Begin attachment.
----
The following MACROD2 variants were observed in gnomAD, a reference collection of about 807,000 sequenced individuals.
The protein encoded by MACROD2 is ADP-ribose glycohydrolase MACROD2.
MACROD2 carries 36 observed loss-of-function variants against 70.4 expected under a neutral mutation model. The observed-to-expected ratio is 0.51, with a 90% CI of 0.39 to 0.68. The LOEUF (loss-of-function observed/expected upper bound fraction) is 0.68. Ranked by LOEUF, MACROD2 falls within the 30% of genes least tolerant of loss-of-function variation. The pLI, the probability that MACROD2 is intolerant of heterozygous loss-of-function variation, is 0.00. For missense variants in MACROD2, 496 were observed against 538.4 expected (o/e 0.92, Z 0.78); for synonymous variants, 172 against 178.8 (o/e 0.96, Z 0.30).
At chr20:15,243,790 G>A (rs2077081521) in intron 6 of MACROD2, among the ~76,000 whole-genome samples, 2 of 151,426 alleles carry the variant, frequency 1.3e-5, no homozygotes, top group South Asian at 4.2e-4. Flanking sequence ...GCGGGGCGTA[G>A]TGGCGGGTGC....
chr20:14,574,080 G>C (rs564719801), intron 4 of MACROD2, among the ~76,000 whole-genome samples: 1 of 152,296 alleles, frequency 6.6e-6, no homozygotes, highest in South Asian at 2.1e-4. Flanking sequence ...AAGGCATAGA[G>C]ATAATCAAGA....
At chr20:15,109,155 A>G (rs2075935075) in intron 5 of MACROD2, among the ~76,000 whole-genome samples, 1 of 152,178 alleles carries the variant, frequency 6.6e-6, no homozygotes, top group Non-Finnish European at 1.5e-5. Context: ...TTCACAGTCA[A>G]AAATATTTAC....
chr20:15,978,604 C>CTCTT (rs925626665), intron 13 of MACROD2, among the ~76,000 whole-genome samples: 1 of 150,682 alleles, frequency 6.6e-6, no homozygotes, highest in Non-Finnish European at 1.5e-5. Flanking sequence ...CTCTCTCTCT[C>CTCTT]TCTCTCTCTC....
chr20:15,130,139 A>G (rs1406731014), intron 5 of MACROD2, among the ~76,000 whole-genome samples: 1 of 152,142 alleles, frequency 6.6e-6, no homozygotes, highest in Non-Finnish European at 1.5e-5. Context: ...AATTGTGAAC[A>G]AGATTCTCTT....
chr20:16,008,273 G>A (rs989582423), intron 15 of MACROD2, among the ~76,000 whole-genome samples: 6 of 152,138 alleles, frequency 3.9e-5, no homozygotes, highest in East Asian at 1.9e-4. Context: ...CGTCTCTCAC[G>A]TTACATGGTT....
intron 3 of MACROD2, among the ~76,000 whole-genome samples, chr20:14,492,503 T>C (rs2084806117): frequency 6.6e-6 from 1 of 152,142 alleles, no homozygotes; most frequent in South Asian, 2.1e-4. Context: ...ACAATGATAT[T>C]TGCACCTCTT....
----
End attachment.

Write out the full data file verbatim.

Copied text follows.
The following MACROD2 variants were observed in gnomAD, a reference collection of about 807,000 sequenced individuals.
The protein encoded by MACROD2 is ADP-ribose glycohydrolase MACROD2.
MACROD2 carries 36 observed loss-of-function variants against 70.4 expected under a neutral mutation model. The observed-to-expected ratio is 0.51, with a 90% CI of 0.39 to 0.68. The LOEUF (loss-of-function observed/expected upper bound fraction) is 0.68. Ranked by LOEUF, MACROD2 falls within the 30% of genes least tolerant of loss-of-function variation. The pLI, the probability that MACROD2 is intolerant of heterozygous loss-of-function variation, is 0.00. For missense variants in MACROD2, 496 were observed against 538.4 expected (o/e 0.92, Z 0.78); for synonymous variants, 172 against 178.8 (o/e 0.96, Z 0.30).
At chr20:15,243,790 G>A (rs2077081521) in intron 6 of MACROD2, among the ~76,000 whole-genome samples, 2 of 151,426 alleles carry the variant, frequency 1.3e-5, no homozygotes, top group South Asian at 4.2e-4. Flanking sequence ...GCGGGGCGTA[G>A]TGGCGGGTGC....
chr20:14,574,080 G>C (rs564719801), intron 4 of MACROD2, among the ~76,000 whole-genome samples: 1 of 152,296 alleles, frequency 6.6e-6, no homozygotes, highest in South Asian at 2.1e-4. Flanking sequence ...AAGGCATAGA[G>C]ATAATCAAGA....
At chr20:15,109,155 A>G (rs2075935075) in intron 5 of MACROD2, among the ~76,000 whole-genome samples, 1 of 152,178 alleles carries the variant, frequency 6.6e-6, no homozygotes, top group Non-Finnish European at 1.5e-5. Context: ...TTCACAGTCA[A>G]AAATATTTAC....
chr20:15,978,604 C>CTCTT (rs925626665), intron 13 of MACROD2, among the ~76,000 whole-genome samples: 1 of 150,682 alleles, frequency 6.6e-6, no homozygotes, highest in Non-Finnish European at 1.5e-5. Flanking sequence ...CTCTCTCTCT[C>CTCTT]TCTCTCTCTC....
chr20:15,130,139 A>G (rs1406731014), intron 5 of MACROD2, among the ~76,000 whole-genome samples: 1 of 152,142 alleles, frequency 6.6e-6, no homozygotes, highest in Non-Finnish European at 1.5e-5. Context: ...AATTGTGAAC[A>G]AGATTCTCTT....
chr20:16,008,273 G>A (rs989582423), intron 15 of MACROD2, among the ~76,000 whole-genome samples: 6 of 152,138 alleles, frequency 3.9e-5, no homozygotes, highest in East Asian at 1.9e-4. Context: ...CGTCTCTCAC[G>A]TTACATGGTT....
intron 3 of MACROD2, among the ~76,000 whole-genome samples, chr20:14,492,503 T>C (rs2084806117): frequency 6.6e-6 from 1 of 152,142 alleles, no homozygotes; most frequent in South Asian, 2.1e-4. Context: ...ACAATGATAT[T>C]TGCACCTCTT....